Much has been made of the cluster effect that attracts high-value business activity to concentrate in locations with an existing skills and supplier base. But when the European Aeronautic Defence and Space Company (EADS) looked to launch its technology and research centre, it went against the grain, instead choosing to locate the facility in a region with a less established technology cluster.

Instead, EADS is establishing Innovation Works in Newport, south Wales, where the company has had a military communications operating division for some time. Innovation Works will develop research and technology on behalf of the whole of the company, initially concentrating on secure communications, simulation of complex systems, software engineering and advanced wing design and manufacture and energy and propulsion technologies.


As well as tapping its existing staff pool, EADS is meeting the challenge of attracting skilled employees to its new facility through an innovative partnership with the Welsh Assembly government, International Business Wales and local academic institutions.

The two-year pilot joint-venture scheme to ramp up the staffing of the new facility will then morph into the Innovation Works Foundation, says EADS commercial director Mike Greenway.

“The key to the partnership is a governance framework of wave funding to enable continuity and support between government and academia, which enables rapid cycle times for both establishing the foundation and ongoing projects,” says Mr Greenway.

Academic excellence

Even though areas such as Cambridge and the Thames Valley Gateway have a better cluster of communications scientists, the catchment area around Newport covers eight Russell Group universities including Cardiff, Swansea, Glamorgan, Bristol and Exeter as well as EADS subsidiary Airbus’s headquarters in Bristol.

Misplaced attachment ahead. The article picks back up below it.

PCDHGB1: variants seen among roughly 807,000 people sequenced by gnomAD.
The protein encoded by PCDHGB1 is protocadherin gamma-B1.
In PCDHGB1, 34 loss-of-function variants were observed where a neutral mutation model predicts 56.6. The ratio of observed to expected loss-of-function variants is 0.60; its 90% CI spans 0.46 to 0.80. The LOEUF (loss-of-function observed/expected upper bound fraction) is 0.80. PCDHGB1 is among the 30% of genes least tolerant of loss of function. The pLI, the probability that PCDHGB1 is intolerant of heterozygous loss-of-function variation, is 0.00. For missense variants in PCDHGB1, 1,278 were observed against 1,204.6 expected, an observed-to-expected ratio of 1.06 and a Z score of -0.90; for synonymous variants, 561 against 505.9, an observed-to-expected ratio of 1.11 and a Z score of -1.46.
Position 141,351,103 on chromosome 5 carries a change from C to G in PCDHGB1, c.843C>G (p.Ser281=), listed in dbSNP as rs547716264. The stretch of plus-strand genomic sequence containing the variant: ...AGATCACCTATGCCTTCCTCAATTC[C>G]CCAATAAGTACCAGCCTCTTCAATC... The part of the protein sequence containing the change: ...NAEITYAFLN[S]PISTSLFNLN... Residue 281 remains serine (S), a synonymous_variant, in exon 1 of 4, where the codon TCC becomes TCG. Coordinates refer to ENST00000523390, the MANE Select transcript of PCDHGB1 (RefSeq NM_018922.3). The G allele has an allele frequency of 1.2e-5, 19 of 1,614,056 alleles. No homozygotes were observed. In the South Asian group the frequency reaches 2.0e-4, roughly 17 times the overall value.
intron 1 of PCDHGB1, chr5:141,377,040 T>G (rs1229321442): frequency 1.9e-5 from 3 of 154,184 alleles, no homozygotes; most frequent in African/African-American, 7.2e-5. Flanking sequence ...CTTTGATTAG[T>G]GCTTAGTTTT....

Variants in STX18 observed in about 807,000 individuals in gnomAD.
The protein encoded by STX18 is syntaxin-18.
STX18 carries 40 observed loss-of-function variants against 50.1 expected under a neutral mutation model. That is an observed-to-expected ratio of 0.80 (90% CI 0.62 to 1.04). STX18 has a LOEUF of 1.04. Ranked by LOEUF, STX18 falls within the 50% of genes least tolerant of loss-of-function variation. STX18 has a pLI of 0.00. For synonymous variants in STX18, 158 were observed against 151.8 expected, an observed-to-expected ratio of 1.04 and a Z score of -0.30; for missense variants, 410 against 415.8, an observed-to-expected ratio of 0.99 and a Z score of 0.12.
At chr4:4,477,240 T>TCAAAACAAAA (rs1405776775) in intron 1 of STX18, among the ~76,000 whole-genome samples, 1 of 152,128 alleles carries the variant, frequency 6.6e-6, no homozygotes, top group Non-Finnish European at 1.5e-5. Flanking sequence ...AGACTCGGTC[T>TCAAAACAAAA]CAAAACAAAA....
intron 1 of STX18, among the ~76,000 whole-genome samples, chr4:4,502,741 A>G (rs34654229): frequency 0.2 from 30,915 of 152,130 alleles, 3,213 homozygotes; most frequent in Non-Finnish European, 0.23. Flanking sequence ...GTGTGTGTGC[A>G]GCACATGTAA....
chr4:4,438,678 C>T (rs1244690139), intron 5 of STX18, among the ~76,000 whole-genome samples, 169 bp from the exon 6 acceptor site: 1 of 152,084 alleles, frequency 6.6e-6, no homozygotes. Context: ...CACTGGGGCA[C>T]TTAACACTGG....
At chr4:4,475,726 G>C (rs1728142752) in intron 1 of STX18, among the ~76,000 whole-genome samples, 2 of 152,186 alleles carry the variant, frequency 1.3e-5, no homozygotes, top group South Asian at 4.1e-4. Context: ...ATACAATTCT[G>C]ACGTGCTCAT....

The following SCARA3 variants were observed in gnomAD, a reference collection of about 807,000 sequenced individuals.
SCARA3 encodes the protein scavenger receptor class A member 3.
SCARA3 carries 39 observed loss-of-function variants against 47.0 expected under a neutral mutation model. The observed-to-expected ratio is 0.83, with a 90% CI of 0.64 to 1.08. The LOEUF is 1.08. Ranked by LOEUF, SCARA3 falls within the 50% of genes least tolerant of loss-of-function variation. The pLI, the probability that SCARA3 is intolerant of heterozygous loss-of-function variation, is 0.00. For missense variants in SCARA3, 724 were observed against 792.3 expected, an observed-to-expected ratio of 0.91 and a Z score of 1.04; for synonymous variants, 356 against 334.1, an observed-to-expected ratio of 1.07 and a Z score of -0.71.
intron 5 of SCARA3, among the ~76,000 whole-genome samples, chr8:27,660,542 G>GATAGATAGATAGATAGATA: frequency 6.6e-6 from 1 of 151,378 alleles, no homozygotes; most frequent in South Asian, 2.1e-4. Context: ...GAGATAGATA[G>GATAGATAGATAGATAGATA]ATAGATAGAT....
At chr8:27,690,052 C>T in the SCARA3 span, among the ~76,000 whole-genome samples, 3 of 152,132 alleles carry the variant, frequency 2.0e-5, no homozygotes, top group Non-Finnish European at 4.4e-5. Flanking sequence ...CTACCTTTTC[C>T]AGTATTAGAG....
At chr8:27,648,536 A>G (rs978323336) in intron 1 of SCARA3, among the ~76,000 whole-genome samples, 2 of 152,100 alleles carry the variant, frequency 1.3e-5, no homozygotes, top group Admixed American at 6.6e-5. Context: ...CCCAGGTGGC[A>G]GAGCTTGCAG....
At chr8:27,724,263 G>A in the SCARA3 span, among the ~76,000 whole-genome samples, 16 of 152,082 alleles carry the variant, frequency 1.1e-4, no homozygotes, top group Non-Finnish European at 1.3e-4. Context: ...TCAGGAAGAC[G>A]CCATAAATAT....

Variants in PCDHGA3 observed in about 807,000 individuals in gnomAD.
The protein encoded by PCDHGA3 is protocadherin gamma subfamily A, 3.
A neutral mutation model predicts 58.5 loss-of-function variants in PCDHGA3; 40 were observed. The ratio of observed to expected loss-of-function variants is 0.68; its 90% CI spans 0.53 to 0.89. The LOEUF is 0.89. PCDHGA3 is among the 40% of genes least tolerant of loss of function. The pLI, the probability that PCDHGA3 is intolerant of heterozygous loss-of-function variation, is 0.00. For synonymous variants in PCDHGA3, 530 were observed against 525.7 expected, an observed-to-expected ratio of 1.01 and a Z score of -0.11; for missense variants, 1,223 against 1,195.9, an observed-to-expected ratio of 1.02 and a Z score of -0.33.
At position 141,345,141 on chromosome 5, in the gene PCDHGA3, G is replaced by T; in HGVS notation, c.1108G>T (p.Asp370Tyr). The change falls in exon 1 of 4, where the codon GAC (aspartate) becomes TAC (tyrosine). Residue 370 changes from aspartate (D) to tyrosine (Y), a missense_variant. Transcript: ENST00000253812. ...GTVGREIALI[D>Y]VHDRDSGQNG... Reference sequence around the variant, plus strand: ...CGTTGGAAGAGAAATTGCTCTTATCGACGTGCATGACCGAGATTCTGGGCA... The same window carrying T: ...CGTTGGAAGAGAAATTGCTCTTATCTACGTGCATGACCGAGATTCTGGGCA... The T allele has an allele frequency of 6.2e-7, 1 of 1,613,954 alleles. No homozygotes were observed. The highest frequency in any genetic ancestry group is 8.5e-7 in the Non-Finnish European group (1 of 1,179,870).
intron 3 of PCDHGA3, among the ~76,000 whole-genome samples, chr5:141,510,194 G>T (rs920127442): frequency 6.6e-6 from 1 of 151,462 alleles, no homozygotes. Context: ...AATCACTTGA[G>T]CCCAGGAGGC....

“We located where we could get the most attention and focus. Our strategy is build it and they will come,” says Mr Greenway.

Innovation Works expects to hire 40 employees by the end of the year and 120 within five years, of which one third will be seconded in from EADS, one third new recruits and one third from Welsh academia.

Another priority is spinning the brightest and the best out of the firm’s current operation in Newport, highlighting the challenges associated with growing too fast.

High-value sectors

EADS is not alone in following the Holy Grail of the knowledge-based economy. But to succeed in high-value sectors such as aerospace, pharmaceuticals and technology, the desired platforms of any modern economy, companies need to know that the machinations of local government will not hinder their expansion plans.

If the firm had taken Innovation Works to a region with less autonomy, the process of establishing the business would have been much longer.

“A base of 60 million or so people is so cumbersome that you become one of the herd at the back of the queue and you get involved an activity where you are constantly consulting and reporting,” says Mr Greenway.

Devolved authority in Wales provides a certain independence of policy and action which meant the company had access to government officials at the highest level – and launched faster than Mr Greenway believed possible.


European Aeronautic Defence and Space


Aerospace and defence


Airbus, Ariane, Galileo, Eurofighter, Eurocopter, MBDA, A400M



2006 revenue